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Review: Sigma 17-50 F2.8 OS vs Tamron 17-50 F2.8 VC

Today I am comparing two “premium” third-party standard zoom lenses: the Tamron 17-50mm F2.8 VC ($650, B&H), and Sigma 17-50mm F2.8 OS ($594, B&H). Both offer a useful 17-50mm with fast F2.8 max aperture (at all focal lengths). Both feature optical stabilization. Both are available for multiple camera mounts (including Canon, Nikon and Sony).

Interestingly the price difference in The Netherlands (where I live) used to be reversed, although recently the Tamron got more expensive and the Sigma much cheaper, so that they currently retail for €419  and €389 respectively (28 December 2013).

In addition to their similar specifications, these two have very similar size and weight, and compete in the same price range. Direct competitors, therefore. But which one is best?

I got my hands on both of them (Nikon mount), and put them to the test.

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A stabilized Sony 50mm f/1.8

Photozone.de just published their review of Sony’s new stabilized 50mm f/1.8 lens, available for their NEX mirrorless system. The thing that makes this lens special is the fact that it combines a big aperture with optical stabilization. In fact, to my knowledge this is the fastest (lowest f-number) stabilized system lens (of any focal length) ever built!

Large apertures are great in low light situations. It enables you to gather more light, thereby letting you use a lower ISO value or faster shutter speed. Lower ISO means less image noise and better colours.

The “problem” with traditional 50mm primes (like those of Canon, Nikon) is that when you’re shooting hand-held you have to use a fast shutter speed (e.g. < 1/80) because they lack stabilization. If you had stabilization and were shooting a static subject you could probably have gone down to 1/10 and have used an ISO value 8 times lower.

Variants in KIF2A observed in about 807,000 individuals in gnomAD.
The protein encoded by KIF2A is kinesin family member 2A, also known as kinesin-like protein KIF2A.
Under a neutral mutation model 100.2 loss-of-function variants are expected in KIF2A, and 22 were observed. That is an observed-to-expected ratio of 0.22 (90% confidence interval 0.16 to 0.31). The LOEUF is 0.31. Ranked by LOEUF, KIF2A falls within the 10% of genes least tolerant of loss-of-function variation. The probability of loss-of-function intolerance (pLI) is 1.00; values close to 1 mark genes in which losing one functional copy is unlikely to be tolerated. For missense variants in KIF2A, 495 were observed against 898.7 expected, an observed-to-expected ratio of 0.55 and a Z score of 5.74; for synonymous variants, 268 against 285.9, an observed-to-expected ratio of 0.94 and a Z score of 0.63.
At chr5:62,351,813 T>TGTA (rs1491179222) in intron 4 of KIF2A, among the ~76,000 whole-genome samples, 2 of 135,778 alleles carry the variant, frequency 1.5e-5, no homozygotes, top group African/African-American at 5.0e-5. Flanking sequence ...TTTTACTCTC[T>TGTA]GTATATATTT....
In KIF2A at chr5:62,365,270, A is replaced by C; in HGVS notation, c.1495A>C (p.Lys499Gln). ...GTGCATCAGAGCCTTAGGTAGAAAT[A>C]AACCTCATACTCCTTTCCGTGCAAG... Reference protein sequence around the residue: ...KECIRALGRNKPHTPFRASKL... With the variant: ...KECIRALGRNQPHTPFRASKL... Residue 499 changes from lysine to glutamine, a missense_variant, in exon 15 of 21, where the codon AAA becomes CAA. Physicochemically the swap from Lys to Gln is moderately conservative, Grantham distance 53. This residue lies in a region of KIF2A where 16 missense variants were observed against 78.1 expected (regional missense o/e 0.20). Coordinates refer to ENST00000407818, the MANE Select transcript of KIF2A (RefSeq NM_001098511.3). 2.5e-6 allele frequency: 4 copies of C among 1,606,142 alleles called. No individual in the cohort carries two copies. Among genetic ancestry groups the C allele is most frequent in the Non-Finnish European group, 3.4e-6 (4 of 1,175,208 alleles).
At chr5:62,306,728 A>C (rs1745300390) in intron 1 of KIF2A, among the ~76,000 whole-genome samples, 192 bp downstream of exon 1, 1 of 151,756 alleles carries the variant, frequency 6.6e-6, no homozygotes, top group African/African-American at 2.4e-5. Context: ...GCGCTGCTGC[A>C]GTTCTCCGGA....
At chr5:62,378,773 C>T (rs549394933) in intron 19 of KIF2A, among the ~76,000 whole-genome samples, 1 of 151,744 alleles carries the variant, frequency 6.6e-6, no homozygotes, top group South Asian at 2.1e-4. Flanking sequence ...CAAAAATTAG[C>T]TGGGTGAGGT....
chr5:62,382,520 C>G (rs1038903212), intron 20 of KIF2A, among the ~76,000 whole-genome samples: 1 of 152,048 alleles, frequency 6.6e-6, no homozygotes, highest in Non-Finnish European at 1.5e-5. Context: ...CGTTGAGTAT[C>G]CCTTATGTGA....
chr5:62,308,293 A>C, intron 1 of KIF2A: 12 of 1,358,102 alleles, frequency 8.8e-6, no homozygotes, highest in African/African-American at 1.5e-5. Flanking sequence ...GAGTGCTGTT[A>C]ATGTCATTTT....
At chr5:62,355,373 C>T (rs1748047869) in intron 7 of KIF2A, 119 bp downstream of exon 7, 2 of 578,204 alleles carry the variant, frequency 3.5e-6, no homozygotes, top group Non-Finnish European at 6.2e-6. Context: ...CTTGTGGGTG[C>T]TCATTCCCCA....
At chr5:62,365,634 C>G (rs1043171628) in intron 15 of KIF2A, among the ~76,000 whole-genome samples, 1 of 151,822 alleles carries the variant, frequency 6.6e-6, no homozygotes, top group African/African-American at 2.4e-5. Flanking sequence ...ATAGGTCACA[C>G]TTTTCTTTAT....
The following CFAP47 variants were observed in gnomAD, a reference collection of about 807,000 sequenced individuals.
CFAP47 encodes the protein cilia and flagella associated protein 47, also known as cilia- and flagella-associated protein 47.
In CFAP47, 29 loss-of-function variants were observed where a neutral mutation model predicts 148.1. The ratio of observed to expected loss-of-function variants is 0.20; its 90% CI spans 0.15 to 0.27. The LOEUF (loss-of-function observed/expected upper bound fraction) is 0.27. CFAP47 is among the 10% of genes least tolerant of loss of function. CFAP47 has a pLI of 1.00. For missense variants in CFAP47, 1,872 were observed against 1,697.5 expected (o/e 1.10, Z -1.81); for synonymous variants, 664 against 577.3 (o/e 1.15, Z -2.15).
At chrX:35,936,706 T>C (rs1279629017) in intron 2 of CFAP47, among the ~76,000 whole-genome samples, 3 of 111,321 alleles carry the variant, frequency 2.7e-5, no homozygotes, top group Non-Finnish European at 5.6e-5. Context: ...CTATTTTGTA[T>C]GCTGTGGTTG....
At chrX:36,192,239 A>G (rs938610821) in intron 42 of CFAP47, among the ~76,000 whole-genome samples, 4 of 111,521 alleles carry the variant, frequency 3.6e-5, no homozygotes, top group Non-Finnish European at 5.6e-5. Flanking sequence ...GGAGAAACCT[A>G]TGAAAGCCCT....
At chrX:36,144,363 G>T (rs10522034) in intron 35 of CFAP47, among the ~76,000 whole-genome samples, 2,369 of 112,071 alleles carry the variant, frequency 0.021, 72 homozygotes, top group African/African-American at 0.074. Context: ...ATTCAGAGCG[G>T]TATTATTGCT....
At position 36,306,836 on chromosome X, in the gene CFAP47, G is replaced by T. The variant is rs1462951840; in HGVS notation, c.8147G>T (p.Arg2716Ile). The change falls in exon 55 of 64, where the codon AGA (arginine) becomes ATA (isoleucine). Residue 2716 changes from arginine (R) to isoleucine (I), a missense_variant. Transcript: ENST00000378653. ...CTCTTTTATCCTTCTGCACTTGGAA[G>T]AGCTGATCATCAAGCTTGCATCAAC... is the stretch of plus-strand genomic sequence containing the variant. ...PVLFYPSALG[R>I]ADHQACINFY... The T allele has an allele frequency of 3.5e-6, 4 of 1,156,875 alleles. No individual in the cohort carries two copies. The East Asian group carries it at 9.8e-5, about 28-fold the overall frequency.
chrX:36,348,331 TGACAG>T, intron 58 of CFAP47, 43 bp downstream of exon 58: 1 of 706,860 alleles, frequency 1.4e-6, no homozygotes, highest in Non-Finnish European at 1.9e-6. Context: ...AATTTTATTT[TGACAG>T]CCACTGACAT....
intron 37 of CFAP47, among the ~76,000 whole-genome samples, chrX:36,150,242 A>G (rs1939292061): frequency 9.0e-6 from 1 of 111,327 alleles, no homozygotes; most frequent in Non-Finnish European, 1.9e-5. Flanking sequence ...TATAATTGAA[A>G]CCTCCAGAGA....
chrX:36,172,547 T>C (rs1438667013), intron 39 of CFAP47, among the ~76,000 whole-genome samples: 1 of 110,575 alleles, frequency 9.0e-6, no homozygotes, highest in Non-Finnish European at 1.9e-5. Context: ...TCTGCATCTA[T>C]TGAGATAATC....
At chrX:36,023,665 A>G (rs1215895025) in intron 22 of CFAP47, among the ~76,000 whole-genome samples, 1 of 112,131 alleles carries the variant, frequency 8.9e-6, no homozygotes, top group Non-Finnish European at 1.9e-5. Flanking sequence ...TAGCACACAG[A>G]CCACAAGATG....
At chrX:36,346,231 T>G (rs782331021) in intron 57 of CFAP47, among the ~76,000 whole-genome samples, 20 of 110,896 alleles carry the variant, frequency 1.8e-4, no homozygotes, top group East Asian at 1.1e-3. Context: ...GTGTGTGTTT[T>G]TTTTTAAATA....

The large f/1.8 aperture gives about 3 stops extra light compared to a 18-55 f/3.5-5.6 “kit zoom”, but you lose the 3-stop advantage you would have gotten with the kit zoom’s image stabilization. Since the advantages cancel out you instead have to use the same ISO value for either lens at its minimum usable hand-held shutter speed. But with the new Sony you can choose to apply that large aperture either for low ISO (useful for static subjects) or for fast shutter speeds (useful for moving subjects). In one word: versatility!

Why you want a large aperture:
fast shutter speed (less motion blurring) and shallow depth of field

The advantages of a “nifty fifty” go further than being able to use fast shutter speeds. These lenses are almost always sharp (at smaller apertures), small, light, and can render backgrounds with beautiful shallow depth of field blurring, known as “bokeh”. By also being affordable (often < $300) you will find one in the bag, or on the camera, of every serious photographer.